At a practical level, it is not quite so important whether these elites (with whatever name they are called) are parasitic or some such.  What is important is whether they have done anything good for the nation and the people. I have often said that I do not believe in the concept of accidental redeeming value – but in this case I will make an exception. If they did do something good, then really the money that the samaj has provided them for their luxurious life style could be said to be well worth it.

I asked this question (whether the elites have done anything good for the nation and the people) specifically to Baru.  Regretfully, he did not answer, despite reminding him once.  And therein lies the crux of the matter.  The elite think that the samaj has a duty to fund their lifestyle, and the samaj should not object if they behave in a megalomaniacal way.

On Google, I found the following: “Megalomania is a mental illness. People with megalomania have delusional fantasies that they are more relevant (important) or powerful than they truly are. They have inflated self esteem and overestimate their powers and beliefs.”  But since everyone around them has the same mental illness, they think it is normal. And that is why they hate the Internet Hindus who now have a democratic platform (social media) to make their views known all the time.

So the old elite is now fighting back. Dasgupta alluded to their methods, but it is Bhalla who has been brutally frank when he continued in the quote above: “They will try to derail the transformation and object at every turn: If that means fake analysis, they will do so. If that means intellectual gymnastics, they will do so. The key point is that they must do so.”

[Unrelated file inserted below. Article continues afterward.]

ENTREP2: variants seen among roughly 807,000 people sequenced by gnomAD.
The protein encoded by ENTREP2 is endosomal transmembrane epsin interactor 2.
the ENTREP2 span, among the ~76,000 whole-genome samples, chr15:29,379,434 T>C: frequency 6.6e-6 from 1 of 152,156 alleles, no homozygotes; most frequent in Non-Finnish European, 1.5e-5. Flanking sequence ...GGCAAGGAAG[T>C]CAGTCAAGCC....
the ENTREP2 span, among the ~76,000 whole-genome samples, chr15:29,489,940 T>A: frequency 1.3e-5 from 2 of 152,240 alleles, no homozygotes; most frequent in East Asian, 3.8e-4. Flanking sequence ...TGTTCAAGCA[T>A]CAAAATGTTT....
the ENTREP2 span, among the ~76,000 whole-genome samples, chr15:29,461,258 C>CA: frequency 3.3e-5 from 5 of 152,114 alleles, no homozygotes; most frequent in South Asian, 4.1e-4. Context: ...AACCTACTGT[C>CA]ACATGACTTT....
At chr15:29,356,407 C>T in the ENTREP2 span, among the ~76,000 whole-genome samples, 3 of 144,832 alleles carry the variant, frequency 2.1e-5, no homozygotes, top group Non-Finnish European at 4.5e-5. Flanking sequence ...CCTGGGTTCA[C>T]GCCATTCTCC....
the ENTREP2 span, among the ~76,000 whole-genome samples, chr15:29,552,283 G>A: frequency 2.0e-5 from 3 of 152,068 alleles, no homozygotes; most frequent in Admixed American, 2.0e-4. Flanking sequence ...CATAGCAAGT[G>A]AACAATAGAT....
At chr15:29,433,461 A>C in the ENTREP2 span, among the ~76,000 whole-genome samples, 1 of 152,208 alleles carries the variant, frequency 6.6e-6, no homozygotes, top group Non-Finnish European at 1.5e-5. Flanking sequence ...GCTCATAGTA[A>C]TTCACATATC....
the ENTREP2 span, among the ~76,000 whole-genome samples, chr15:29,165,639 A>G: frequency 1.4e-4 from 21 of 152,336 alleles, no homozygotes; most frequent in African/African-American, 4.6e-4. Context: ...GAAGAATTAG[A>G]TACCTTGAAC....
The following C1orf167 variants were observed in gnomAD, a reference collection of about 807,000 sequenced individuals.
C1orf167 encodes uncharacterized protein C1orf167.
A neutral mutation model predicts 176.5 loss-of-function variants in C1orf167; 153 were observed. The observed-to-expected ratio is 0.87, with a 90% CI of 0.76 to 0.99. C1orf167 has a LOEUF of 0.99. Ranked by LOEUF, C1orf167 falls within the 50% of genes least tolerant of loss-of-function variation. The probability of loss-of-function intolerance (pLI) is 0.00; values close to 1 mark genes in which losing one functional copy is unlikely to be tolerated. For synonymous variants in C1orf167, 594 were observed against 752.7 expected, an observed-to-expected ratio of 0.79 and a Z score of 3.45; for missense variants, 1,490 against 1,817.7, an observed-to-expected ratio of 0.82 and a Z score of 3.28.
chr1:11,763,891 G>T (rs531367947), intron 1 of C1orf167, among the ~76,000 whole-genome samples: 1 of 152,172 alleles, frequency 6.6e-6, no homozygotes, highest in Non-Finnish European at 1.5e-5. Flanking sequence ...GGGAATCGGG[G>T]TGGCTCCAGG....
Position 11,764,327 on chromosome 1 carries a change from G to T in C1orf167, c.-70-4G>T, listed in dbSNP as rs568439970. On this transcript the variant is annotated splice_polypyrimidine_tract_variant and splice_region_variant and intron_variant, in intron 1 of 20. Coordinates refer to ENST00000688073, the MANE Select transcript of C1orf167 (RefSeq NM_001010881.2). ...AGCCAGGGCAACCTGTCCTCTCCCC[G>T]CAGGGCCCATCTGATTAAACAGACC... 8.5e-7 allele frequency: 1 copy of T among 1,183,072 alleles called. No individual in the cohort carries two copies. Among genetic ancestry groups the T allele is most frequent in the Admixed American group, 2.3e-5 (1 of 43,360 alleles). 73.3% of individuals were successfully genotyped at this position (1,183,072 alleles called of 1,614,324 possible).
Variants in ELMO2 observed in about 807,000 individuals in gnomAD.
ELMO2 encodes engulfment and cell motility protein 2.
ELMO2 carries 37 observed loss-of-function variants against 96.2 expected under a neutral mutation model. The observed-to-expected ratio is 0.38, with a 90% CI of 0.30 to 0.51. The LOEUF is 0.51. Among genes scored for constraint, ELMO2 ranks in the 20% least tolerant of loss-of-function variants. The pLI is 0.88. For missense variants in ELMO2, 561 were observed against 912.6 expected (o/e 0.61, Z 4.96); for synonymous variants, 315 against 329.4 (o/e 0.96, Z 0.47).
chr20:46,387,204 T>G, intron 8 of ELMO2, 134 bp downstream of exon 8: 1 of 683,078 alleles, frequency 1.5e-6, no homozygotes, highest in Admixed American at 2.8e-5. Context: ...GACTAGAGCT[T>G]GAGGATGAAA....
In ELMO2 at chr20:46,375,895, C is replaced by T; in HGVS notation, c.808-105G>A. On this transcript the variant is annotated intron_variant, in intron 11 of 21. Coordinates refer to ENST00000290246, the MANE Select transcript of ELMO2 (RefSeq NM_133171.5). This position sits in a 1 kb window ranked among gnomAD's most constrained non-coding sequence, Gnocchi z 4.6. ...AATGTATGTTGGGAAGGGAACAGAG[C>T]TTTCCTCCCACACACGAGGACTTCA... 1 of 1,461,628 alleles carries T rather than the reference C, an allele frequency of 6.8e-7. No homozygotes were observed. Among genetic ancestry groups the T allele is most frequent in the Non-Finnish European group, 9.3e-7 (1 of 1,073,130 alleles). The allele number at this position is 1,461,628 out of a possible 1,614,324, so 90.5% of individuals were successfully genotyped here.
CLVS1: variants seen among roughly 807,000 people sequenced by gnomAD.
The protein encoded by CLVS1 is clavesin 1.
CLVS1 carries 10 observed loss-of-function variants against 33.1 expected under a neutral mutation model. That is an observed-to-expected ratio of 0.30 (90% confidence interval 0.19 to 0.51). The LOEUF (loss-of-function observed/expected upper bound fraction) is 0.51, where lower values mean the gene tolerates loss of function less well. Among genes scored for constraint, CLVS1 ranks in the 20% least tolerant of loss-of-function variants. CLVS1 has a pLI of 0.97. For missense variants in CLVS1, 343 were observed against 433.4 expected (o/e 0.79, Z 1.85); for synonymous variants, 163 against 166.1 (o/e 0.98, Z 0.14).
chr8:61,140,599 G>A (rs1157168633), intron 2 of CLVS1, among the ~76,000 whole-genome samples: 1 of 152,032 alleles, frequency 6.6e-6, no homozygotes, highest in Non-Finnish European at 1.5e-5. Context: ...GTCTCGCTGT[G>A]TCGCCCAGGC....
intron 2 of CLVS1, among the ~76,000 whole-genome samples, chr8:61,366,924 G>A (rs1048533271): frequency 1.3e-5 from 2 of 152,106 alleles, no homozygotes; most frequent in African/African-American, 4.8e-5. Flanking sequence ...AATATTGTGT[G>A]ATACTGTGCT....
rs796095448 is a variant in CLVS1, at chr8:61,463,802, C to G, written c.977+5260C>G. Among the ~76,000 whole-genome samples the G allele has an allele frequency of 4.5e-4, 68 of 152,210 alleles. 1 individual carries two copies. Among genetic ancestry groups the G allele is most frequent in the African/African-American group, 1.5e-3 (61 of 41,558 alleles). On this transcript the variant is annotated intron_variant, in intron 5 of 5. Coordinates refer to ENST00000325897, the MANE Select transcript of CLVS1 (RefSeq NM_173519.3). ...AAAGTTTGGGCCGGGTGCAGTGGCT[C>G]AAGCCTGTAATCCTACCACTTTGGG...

This also answers my question, posed to Baru, whether the elite have done something good for the nation, and the answer is a resounding no.

In the sentences before the above, Surjit ji wrote: “As time went on, however, it became increasingly clear that the old elite had failed to notice and respect that India had changed from the illiterate and feudal order prevalent at the time the Nehru dynasty assumed control. There are complex factors feeding into each other to explain the public’s increasing mistrust in the old elite, but it can safely be pointed out that the educational level of average Indians has risen; the old elite mismanaged the economy — and power corrupted the old elite.”

It is necessary for the senior members of the BJP, not just in Lutyens’ Delhi but also in the state capitals, to realize that the elite will try and incorporate them into their coterie.  Of course, they will do it with the only purpose to alienate them from the core support base.  If the next election is lost, then these senior members will be dumped like a hot potato, and the elite will gloat about the tactics that they used.

I know some in the Hindu Right will say that I do not understand what is termed as realpolitik.  I will gladly accept this charge.  But there is a need to understand that the 2014 elections was a signal to change the realpolitik and not to perpetuate it, as had happened during the time of Atal Vajpayee ji.

It is time that all those who have the interest of the people at heart work towards changing the system, so that everyone of the more than 125 crore people work in unison to make our country great, and make a positive contribution to the world as a responsible and accountable power.  Some amongst the old elite may realise that the way they conducted themselves in the past has harmed the nation.  If they have a genuine change of heart, they can be part of the system.  Otherwise they should retire to the hills, and stop being the nuisance that they are today.  After all, they have quite a good retirement nest so that at least their physical needs are met adequately.


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About the Author

Ashok Chowgule
Working President (External), Vishwa Hindu Parishad, Bharat.